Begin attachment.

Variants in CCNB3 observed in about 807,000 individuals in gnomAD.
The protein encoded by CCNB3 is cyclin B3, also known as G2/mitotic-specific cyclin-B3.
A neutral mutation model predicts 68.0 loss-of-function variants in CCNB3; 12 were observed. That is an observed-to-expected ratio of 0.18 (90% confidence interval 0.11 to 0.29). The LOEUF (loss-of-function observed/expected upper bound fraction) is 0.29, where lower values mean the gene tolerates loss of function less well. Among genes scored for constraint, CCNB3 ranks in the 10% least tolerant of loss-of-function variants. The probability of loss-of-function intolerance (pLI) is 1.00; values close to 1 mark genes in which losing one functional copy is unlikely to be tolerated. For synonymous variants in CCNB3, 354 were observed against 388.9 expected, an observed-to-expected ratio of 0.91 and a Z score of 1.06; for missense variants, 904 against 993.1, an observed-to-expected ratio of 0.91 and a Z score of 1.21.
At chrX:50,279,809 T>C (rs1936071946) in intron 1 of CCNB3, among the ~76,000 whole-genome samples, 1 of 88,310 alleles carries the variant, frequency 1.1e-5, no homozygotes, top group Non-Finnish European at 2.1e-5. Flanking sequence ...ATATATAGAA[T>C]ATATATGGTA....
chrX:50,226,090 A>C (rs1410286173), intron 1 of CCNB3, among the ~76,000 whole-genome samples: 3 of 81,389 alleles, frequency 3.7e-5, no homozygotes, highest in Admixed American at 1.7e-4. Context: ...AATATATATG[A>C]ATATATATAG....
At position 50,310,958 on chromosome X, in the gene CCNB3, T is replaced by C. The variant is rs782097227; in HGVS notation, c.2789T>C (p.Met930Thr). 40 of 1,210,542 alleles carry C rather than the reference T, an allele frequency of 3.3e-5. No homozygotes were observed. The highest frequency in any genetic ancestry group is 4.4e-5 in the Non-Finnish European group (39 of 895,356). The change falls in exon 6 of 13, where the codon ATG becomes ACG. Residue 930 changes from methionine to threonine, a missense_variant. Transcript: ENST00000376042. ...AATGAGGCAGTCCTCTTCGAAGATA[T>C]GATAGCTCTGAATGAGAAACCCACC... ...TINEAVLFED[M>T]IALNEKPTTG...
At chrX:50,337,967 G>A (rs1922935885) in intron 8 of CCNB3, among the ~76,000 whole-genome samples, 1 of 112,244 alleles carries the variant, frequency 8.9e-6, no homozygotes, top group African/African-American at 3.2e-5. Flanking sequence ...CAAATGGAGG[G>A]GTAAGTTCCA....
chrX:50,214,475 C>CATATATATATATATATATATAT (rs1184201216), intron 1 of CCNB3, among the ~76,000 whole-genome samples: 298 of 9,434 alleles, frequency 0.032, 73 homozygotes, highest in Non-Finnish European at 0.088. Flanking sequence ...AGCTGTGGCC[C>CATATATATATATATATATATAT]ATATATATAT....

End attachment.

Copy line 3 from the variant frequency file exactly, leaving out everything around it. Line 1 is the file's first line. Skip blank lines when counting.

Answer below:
A neutral mutation model predicts 68.0 loss-of-function variants in CCNB3; 12 were observed. That is an observed-to-expected ratio of 0.18 (90% confidence interval 0.11 to 0.29). The LOEUF (loss-of-function observed/expected upper bound fraction) is 0.29, where lower values mean the gene tolerates loss of function less well. Among genes scored for constraint, CCNB3 ranks in the 10% least tolerant of loss-of-function variants. The probability of loss-of-function intolerance (pLI) is 1.00; values close to 1 mark genes in which losing one functional copy is unlikely to be tolerated. For synonymous variants in CCNB3, 354 were observed against 388.9 expected, an observed-to-expected ratio of 0.91 and a Z score of 1.06; for missense variants, 904 against 993.1, an observed-to-expected ratio of 0.91 and a Z score of 1.21.